• Middle Note: Sweet, floral (carnation-like)
    • Base Note: Honey-like, heavy, tenacious
  • Country of Origin: The flowers are grown in various European countries and the United States, with concrete production primarily in France.

  • Historical and Traditional Uses: Carnation has been valued for its distinctive fragrance and is a classic ingredient in many traditional perfumes. It has a long history of use in European perfumery and continues to be a treasured component in natural perfumery.

  • References:

    • Steffen Arctander: "Carnation is an olive green to green or orange-brown, viscous liquid of very sweet, honey-like, somewhat herbaceous, heavy, and tenacious fragrance, reminiscent of the scent of the live flowers only to a certain degree and only in high dilutions (5% or weaker)." (Perfume and Flavor Materials of Natural Origin, p.128)

Carrier Oil

Title: Carrier Oil

  • Definition: Carrier oils are base oils used to dilute essential oils and absolutes before they are applied to the skin. They are also used as a base in oil-based and solid perfume making.

  • Common Types:

    • Jojoba Oil: Highly stable with a long shelf life. It is technically a liquid wax and is known for its moisturizing properties and similarity to the skin's natural sebum.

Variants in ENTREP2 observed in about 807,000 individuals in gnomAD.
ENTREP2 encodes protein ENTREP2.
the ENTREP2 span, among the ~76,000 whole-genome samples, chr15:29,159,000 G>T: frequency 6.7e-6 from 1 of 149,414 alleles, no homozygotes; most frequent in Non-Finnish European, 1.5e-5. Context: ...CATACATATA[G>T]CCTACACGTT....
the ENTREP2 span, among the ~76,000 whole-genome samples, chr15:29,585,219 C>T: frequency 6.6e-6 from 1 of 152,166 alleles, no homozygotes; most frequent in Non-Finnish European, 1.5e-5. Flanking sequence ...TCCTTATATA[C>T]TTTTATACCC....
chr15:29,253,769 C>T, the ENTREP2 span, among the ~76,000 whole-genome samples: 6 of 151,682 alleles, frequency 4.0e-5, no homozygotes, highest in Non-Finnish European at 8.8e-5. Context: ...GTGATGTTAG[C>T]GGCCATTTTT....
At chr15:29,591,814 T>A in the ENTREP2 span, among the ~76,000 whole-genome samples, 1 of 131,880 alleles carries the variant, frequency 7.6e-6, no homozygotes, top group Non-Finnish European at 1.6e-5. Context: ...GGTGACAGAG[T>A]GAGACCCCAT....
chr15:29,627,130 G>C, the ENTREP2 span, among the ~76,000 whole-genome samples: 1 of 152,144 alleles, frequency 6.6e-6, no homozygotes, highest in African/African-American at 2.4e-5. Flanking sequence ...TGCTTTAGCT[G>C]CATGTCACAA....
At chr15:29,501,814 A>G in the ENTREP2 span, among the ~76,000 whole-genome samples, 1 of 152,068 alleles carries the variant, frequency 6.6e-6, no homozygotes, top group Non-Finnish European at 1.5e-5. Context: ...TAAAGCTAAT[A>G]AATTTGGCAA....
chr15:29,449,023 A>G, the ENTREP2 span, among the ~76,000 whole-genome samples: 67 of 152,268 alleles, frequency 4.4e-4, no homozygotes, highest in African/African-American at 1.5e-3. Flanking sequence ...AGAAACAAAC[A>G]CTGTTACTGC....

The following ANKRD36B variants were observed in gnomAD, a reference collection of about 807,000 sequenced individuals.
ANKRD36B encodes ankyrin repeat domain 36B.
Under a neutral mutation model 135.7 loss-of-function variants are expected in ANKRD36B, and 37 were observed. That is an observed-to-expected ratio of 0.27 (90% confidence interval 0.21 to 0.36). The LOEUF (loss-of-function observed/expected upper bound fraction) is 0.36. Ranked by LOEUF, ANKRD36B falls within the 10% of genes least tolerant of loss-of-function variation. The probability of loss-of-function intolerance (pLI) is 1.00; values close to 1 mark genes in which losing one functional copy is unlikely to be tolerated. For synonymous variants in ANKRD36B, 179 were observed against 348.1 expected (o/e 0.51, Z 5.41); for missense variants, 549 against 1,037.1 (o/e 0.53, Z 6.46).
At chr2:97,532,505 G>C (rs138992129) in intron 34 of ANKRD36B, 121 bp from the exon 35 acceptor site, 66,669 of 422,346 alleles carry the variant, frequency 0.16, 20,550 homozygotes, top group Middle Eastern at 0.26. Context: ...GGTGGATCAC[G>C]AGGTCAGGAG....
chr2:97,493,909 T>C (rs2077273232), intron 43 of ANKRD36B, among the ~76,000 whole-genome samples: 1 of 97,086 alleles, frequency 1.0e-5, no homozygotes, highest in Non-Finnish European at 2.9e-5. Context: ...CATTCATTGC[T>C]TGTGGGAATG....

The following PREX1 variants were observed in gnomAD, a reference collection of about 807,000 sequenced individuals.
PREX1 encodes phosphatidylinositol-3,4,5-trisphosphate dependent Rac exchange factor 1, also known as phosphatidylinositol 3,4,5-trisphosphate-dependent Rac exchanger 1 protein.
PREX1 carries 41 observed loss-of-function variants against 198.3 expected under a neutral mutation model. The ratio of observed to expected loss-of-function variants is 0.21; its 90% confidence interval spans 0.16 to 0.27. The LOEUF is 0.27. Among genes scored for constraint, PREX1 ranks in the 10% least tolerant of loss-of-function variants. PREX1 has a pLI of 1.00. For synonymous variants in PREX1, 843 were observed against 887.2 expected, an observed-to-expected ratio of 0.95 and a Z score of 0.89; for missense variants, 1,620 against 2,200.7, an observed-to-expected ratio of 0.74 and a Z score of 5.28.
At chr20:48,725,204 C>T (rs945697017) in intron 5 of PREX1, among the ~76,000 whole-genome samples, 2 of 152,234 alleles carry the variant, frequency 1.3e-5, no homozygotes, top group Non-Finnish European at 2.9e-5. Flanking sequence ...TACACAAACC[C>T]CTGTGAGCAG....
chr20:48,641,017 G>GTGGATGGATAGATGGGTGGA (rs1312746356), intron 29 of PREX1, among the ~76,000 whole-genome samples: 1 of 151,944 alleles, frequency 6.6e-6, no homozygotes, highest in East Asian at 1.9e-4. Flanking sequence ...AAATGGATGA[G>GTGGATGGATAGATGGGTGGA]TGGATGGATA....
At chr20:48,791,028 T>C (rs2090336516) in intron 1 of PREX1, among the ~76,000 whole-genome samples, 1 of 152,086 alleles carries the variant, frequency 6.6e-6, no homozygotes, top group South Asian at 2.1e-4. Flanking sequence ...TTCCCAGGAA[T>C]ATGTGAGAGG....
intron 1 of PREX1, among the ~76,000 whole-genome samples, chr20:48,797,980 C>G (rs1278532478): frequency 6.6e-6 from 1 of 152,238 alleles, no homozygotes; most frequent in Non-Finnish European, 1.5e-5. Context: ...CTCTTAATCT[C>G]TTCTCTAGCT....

• Fractionated Coconut Oil: A highly stable oil that remains liquid at room temperature. It is light, non-greasy, and has an extended shelf life due to the removal of long-chain triglycerides.
  • Characteristics:

    • Jojoba Oil:
      • Appearance: Clear to golden yellow liquid.
      • Odor: Virtually odorless, making it an excellent carrier that does not interfere with the fragrance of essential oils.
      • Properties: Moisturizing, non-greasy, long shelf life, and absorbs well into the skin.
    • Fractionated Coconut Oil:
      • Appearance: Clear, thin, and colorless liquid.
      • Odor: Odorless, which makes it a neutral carrier that doesn’t alter the scent of the essential oils it carries.
      • Properties: Lightweight, non-greasy, highly stable, and easily absorbed by the skin.
  • Uses in Natural Perfumery:

    • Dilution: Carrier oils are used to dilute essential oils to make them safe for topical application, reducing the risk of skin irritation.
    • Base for Perfume: They serve as the base for oil-based perfumes, helping to carry and preserve the fragrance of essential oils and absolutes.